I'd offer a rebuttal, however, as I previously implied, my friends and I all use guns that are modified extremely lightly, if at all; as such, Slug and I are talking about very different play environments. However, allow me to do a more detailed tactical analysis, at least in terms of my local, stock, metagame.
It's quaint and novel and it does at the very least perform much better than all of the other previous blasters that used an inverted plunger. However I'm not inclined to recommend it nor do I particularly like it...To me it's just a neutered Longshot. I'm not really fond of the Longshot either because it too has the box magazine, is overly bulky, and isn't at all accurate. But at least the Longshot shoots far enough (when it's not jammed).
That's an excellent review Slug, made me think a little harder about the impulse to get one. I can't help but think that this thing might have more potential than what we've already seen.
Are there any fans of Box Magazines and Longshots that can offer a rebuttal?
Also, would this be allowed in a Pistols Only war?
First off, in my circle, the maverick is the benchmark against which all properties of all other guns are measured, and is by far the most common gun to be facing down (I know the maverick is unpopular, to say the least, on these forums, but that's a discussion for another day). As such, do not be surprised if I use it as a point of reference in my discussion.
When dealing with stock guns, the two largest factors (skill set aside for a moment) in determining who will survive any given encounter are capacity and rate of fire (Note that by capacity I mean the amount of darts that can be fired before a manual reload is required: as such, a maverick has a capacity of six, a nitefinder has a capacity of one.) In my experience, even relatively powerful stock guns can be dodged by a quick opponent, making the ability to shoot again while they're in the process of repositioning their body and regaining balance invaluable. The maverick and its ilk (The firefly, the DTG, etc.) were all good at this, but also suffered from a common weakness: an atrocious reload time. Once you've run out of ammo with a maverick, suddenly even an opponent with a nitefinder can fire faster than you, complimenting the advantages they already had in range and accuracy. For a long time, the one exception to this rule was a friend of mine who had a maverick with replacable cylinders (and about five cylinders total). Then the longshot came out.
In my review of it on nerfhq, I summed up the longshot as being a larger, more powerful, and, most importantly, faster-reloading maverick. Though that is a bit of a simplification, for many of us, the longshot was a godsend regardless. Once I managed to get my hands on a few extra clips, the longshot quickly replaced the rapidfire 20 and magstrike as my primary of choice, and even my beloved maverick spent the majority of its time in my custom holster. Indeed, the ability to switch a spent clip out for a fresh one and refill it during a lull has proved valuable at several wars (once again, mostly stock weapons,) at least for me. Further, when raiding a target's house for my assassin game, the longshot is my first choice when expecting heavy resistance. now, onto the recon:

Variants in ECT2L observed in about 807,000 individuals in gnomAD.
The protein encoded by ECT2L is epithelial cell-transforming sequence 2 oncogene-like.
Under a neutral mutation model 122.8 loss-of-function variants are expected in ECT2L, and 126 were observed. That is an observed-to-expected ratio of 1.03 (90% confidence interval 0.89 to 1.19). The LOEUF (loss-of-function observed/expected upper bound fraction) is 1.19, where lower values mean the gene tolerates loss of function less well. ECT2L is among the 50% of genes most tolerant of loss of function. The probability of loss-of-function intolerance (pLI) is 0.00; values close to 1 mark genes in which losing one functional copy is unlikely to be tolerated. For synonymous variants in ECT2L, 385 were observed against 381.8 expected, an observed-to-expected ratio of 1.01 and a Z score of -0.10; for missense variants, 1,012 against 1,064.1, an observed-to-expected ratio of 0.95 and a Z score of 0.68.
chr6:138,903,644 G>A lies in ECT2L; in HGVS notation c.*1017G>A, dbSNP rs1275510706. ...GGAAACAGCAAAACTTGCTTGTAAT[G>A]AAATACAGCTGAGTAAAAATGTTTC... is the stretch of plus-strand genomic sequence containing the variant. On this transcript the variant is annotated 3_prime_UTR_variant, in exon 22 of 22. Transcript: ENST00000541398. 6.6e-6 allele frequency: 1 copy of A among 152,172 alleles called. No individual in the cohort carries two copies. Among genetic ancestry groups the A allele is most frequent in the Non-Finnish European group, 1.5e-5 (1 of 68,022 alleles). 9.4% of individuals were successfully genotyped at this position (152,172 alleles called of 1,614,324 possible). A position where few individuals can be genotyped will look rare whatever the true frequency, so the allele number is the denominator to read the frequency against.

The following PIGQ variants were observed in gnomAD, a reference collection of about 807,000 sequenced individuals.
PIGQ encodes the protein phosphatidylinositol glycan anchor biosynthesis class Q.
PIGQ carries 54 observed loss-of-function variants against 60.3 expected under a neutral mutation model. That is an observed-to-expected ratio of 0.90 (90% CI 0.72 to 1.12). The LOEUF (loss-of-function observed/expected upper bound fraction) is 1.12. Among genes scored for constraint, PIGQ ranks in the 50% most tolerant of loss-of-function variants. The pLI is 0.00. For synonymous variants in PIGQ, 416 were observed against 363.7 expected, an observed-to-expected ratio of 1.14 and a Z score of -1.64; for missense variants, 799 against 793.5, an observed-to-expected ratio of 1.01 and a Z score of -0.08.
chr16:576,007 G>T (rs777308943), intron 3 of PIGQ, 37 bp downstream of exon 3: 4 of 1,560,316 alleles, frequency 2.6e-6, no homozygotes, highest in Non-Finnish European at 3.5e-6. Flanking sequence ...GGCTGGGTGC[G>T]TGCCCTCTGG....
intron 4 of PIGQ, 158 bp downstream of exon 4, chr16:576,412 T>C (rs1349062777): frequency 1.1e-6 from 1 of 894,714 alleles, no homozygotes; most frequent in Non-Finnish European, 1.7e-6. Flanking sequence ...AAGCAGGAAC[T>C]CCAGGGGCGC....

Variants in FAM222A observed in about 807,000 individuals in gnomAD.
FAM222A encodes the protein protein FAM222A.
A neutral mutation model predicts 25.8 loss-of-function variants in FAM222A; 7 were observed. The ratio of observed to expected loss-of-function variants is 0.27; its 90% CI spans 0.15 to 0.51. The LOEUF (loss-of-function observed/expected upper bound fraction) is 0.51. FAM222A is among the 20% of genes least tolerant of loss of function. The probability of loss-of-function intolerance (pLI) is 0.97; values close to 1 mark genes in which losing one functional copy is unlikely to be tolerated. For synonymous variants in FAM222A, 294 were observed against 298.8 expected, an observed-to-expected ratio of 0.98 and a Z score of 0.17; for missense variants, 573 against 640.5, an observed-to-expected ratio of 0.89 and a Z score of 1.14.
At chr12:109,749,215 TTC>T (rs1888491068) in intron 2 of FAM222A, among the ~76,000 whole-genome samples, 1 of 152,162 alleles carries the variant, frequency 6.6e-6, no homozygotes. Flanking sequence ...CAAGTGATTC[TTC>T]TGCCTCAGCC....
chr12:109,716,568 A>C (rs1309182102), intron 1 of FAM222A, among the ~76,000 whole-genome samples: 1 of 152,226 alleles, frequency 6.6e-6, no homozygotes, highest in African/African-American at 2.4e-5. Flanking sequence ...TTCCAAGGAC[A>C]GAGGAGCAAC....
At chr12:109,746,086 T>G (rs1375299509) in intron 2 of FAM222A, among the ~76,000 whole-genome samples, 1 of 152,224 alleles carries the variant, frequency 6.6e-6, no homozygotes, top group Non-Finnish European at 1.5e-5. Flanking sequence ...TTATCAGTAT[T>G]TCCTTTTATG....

Despite the longshot's inherent awesomeness, it did have some pitfalls. As I said in a previous post, carrying it on campus, for the purposes of assassin, was largely impractical. For this reason, my maverick has had a place in my bookbag for a long time, however, this brings us back to the issue of reloading a maverick. Enter the recon: In its basic form, slightly larger than a maverick, when fully assembled (including crossfire on the underside,) all the power of the longshot plus an insurance policy in case they try to take advantage of the small window you do give them as you reload. Also note that the "laser" helped me make an otherwise impossible shot last night, as I was firing at a very awkward angle and couldn't have acquired my target without it (I was firing from the driver's seat of my car, while parked in a parking lot. My opponent was in front of the car, and, as a result, I could not see where I was aiming.) Now, I do admit that the recon has pitfalls: when the front barrel is attached, though the range sometimes seems to improve, there are also times when the dart flies as if it were made of lead. That said, the recon's ability to act either as a primary or a fairly concealable defense weapon, or anything in between, makes it one of the most formidable stock guns i've seen in a long time.
Lastly, with regards to the amount of darts that can be carried, as previously said, my harness allows me to carry four clips at a war (I only have four clips, so I haven't had the opportunity to try to carry more). In my experience, in wars of about twelve people, six per side, I have never needed more than three clips. because of this, I would rather have the rapid-fire capability granted by the clips than a large volume of darts which must be loaded one at a time.